Any Tom, Dick, or Harry can slap a logo on that stock photo of businessman with an idea and call it branded content. Does that make it true? Not quite. Then again, consider who you’re talking to.
As a company, your brand is so much more than a logo. More importantly, you should want it to be more than a logo, more than a parameter-bound, single symbol of visual style and design.
In its simplest form, your brand is people; the customers, employees, and every individual in between helping the ship sail. It’s the sense of purpose that ties your actions to universal motivators. It’s the culmination of feelings evoked from your product and/or services’ ability to fulfil unmet needs.
In its simplest form, your brand isn’t really that simple at all. It’s complex, like the many people it hopes to connect with. And because of this, creating brand content that compels audiences to take action requires a multi-faceted approach and mindfulness for those most likely to consume it.
Know Your Audience
Many companies will usually follow the typical path of building out buyer personas. They’ll conduct research, send out surveys, and perhaps even host focus groups in hopes of pinpointing demographics, pain points, interests, and so on. All of this neatly packaged information certainly serves a purpose in guiding overall messaging.
What many will fail to do consistently on behalf of their audiences, however, is listen.
The beauty [and curse] of digital marketing channels is that they foster conversation. And often, customers are willing to tell you exactly what they’re looking for from a brand without even having to ask. Remain mindful of common threads across your customer base, conduct relevant keyword research, and use those learnings to help shape content that will engage rather than fall flat.
While—for consistency’s sake—your brand should certainly adhere to a set of established guidelines, allowing them to completely box you in creatively does no one any good. Building around a very prescribed set of rules sucks out the very thing that brings brand content to life: emotion.
Emotion, after all, taps into memory. The more an article, video, Facebook post, etc. makes us feel something as viewers, the more likely we are to remember it. It’s no surprise then that customers form deeper connections to brand content that touches on the heartstrings.
Consistency is important in a variety of senses when it comes to your branded content. It translates to your brand’s efforts at storytelling. To make a story convincing, it needs to follow a clear line from one chapter to the next. In addition, it should further establish a level of consistency between your brand messaging and purpose.
From another perspective, the way your brand content is disseminated across channels should remain consistent with the audience itself. When you really know who your audiences are as a brand, you become more familiar with how and where they consume their content.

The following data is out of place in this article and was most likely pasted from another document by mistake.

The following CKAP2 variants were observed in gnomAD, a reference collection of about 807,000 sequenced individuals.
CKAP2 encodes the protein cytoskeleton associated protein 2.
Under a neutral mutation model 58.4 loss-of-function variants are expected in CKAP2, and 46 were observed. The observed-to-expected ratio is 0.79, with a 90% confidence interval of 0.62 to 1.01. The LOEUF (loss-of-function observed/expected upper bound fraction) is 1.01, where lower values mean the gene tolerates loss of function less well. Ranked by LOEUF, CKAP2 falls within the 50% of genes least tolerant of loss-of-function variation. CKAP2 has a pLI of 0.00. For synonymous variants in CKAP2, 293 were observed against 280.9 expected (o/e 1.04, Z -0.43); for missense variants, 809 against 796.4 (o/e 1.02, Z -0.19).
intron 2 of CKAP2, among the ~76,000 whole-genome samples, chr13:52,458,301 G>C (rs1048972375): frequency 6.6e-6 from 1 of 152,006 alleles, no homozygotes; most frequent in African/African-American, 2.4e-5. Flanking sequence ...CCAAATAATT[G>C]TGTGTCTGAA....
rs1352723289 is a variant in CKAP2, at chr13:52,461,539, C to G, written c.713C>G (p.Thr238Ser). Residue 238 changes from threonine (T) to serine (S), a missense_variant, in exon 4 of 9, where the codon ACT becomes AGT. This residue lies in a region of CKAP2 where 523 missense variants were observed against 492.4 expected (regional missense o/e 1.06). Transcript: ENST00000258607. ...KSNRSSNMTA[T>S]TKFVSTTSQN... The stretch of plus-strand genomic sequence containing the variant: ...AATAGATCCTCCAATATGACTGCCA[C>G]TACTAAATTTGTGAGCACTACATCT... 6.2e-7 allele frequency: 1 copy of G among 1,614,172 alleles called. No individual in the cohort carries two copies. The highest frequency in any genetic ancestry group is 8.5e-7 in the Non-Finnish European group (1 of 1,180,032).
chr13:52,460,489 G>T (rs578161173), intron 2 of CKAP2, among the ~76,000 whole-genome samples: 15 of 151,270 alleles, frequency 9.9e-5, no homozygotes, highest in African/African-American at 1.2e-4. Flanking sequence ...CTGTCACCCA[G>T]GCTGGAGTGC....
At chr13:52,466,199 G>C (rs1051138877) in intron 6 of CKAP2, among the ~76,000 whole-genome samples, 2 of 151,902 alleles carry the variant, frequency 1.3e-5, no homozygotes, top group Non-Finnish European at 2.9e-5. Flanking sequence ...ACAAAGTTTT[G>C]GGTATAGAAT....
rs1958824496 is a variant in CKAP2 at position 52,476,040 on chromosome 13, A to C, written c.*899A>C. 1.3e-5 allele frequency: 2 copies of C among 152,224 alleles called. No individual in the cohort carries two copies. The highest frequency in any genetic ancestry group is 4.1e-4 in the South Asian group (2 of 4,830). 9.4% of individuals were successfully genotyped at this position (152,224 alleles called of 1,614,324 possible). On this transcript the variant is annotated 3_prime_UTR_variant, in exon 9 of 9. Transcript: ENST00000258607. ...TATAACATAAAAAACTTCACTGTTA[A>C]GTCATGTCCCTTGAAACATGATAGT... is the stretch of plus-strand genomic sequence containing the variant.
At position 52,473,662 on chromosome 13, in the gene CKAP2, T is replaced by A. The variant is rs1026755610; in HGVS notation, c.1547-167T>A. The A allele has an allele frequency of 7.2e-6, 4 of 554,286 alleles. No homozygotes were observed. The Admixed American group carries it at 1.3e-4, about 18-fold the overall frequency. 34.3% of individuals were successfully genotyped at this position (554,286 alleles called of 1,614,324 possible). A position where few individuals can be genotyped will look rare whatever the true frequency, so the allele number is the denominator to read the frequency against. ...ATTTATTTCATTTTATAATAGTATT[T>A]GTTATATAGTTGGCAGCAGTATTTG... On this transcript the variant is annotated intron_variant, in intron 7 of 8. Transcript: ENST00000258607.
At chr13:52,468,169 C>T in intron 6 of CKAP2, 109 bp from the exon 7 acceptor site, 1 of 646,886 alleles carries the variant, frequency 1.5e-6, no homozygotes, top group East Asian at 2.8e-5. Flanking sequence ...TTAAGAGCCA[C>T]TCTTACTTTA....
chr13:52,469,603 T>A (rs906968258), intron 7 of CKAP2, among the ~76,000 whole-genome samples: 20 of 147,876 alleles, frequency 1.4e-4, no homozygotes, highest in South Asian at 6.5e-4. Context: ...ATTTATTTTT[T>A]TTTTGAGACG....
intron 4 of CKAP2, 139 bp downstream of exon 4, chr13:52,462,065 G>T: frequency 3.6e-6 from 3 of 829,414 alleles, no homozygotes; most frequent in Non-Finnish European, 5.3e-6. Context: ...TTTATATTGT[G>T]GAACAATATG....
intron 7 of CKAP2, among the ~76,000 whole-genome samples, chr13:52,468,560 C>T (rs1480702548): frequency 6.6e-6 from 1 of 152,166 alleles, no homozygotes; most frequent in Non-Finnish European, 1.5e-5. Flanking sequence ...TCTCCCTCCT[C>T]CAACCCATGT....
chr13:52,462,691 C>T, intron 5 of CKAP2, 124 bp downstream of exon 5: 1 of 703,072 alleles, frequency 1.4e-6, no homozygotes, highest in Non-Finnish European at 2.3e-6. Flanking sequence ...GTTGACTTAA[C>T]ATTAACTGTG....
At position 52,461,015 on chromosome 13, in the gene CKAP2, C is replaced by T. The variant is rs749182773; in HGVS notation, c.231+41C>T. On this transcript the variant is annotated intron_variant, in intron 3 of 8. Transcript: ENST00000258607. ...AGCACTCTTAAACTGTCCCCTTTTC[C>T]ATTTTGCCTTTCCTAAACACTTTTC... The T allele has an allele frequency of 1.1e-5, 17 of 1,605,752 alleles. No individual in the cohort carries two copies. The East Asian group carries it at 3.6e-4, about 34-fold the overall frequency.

Dig into the data and determine the content formats that engage your audience most on an ongoing basis. Then, use this as a jumping off point for translating your brand story in a way that’s meaningful to them.
Make the Value Known
Another major motivator activating audiences to engage with your brand content comes in the form of perceived value. This is why “listicles” are as popular as they are. As a consumer, you are being given a clear, set amount of expected return, such as: In reading this article, I’m going to gain insight into the 5 keys to creating compelling brand content.
Headlines are only half the battle, though. The quality and value advertised need to be realized in the meat of the content itself. This is what gets audiences to take more meaningful actions on behalf of your brand (i.e. clicks to website, clicks to additional articles, downloads, shares, etc.).
Don’t Cut Corners
If it sounds like there’s a lot on your plate as a marketer in establishing a branded content strategy that moves the needle, you’re right. There is. Regardless of the route you take, the way you distribute, or content types you create, seeing return from your efforts is hard work with zero corners worth cutting.
On a similar note, this is not an endeavor that throwing money at will make better. This isn’t to say that a thoughtful paid strategy shouldn’t be considered in conjunction with the branded content created, but it’s a catalyst. If the above mentioned steps haven’t been considered in developing your branded assets, merely using money to push said assets in front of as many eyeballs as possible won’t a successful campaign make.
The good news is, you’re not alone on the journey towards brand greatness. Toss those anxieties aside and let’s have a discussion — contact the team at Mabbly.